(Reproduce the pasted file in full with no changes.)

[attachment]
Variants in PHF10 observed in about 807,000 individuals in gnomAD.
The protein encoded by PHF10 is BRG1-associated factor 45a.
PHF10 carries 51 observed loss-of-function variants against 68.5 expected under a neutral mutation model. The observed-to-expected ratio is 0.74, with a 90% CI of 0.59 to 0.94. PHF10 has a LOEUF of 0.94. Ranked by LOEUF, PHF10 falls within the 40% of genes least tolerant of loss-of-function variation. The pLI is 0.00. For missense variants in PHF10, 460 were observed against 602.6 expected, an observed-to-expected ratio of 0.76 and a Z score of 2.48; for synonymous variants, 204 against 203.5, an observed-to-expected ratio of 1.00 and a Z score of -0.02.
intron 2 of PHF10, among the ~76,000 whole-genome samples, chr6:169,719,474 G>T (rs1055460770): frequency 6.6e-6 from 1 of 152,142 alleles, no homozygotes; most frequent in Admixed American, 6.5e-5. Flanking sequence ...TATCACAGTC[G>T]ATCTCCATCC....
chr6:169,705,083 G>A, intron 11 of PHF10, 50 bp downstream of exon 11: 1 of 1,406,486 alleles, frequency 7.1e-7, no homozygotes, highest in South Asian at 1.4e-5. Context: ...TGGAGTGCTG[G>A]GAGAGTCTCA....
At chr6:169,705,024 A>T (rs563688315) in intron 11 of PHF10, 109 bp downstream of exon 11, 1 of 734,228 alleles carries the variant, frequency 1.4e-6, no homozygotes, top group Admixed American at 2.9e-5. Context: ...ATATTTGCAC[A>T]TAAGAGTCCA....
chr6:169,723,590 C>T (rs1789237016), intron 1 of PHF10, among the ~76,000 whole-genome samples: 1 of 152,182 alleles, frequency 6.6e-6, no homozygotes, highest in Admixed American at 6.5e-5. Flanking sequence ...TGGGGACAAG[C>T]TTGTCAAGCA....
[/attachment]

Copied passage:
Variants in PHF10 observed in about 807,000 individuals in gnomAD.
The protein encoded by PHF10 is BRG1-associated factor 45a.
PHF10 carries 51 observed loss-of-function variants against 68.5 expected under a neutral mutation model. The observed-to-expected ratio is 0.74, with a 90% CI of 0.59 to 0.94. PHF10 has a LOEUF of 0.94. Ranked by LOEUF, PHF10 falls within the 40% of genes least tolerant of loss-of-function variation. The pLI is 0.00. For missense variants in PHF10, 460 were observed against 602.6 expected, an observed-to-expected ratio of 0.76 and a Z score of 2.48; for synonymous variants, 204 against 203.5, an observed-to-expected ratio of 1.00 and a Z score of -0.02.
intron 2 of PHF10, among the ~76,000 whole-genome samples, chr6:169,719,474 G>T (rs1055460770): frequency 6.6e-6 from 1 of 152,142 alleles, no homozygotes; most frequent in Admixed American, 6.5e-5. Flanking sequence ...TATCACAGTC[G>T]ATCTCCATCC....
chr6:169,705,083 G>A, intron 11 of PHF10, 50 bp downstream of exon 11: 1 of 1,406,486 alleles, frequency 7.1e-7, no homozygotes, highest in South Asian at 1.4e-5. Context: ...TGGAGTGCTG[G>A]GAGAGTCTCA....
At chr6:169,705,024 A>T (rs563688315) in intron 11 of PHF10, 109 bp downstream of exon 11, 1 of 734,228 alleles carries the variant, frequency 1.4e-6, no homozygotes, top group Admixed American at 2.9e-5. Context: ...ATATTTGCAC[A>T]TAAGAGTCCA....
chr6:169,723,590 C>T (rs1789237016), intron 1 of PHF10, among the ~76,000 whole-genome samples: 1 of 152,182 alleles, frequency 6.6e-6, no homozygotes, highest in Admixed American at 6.5e-5. Flanking sequence ...TGGGGACAAG[C>T]TTGTCAAGCA....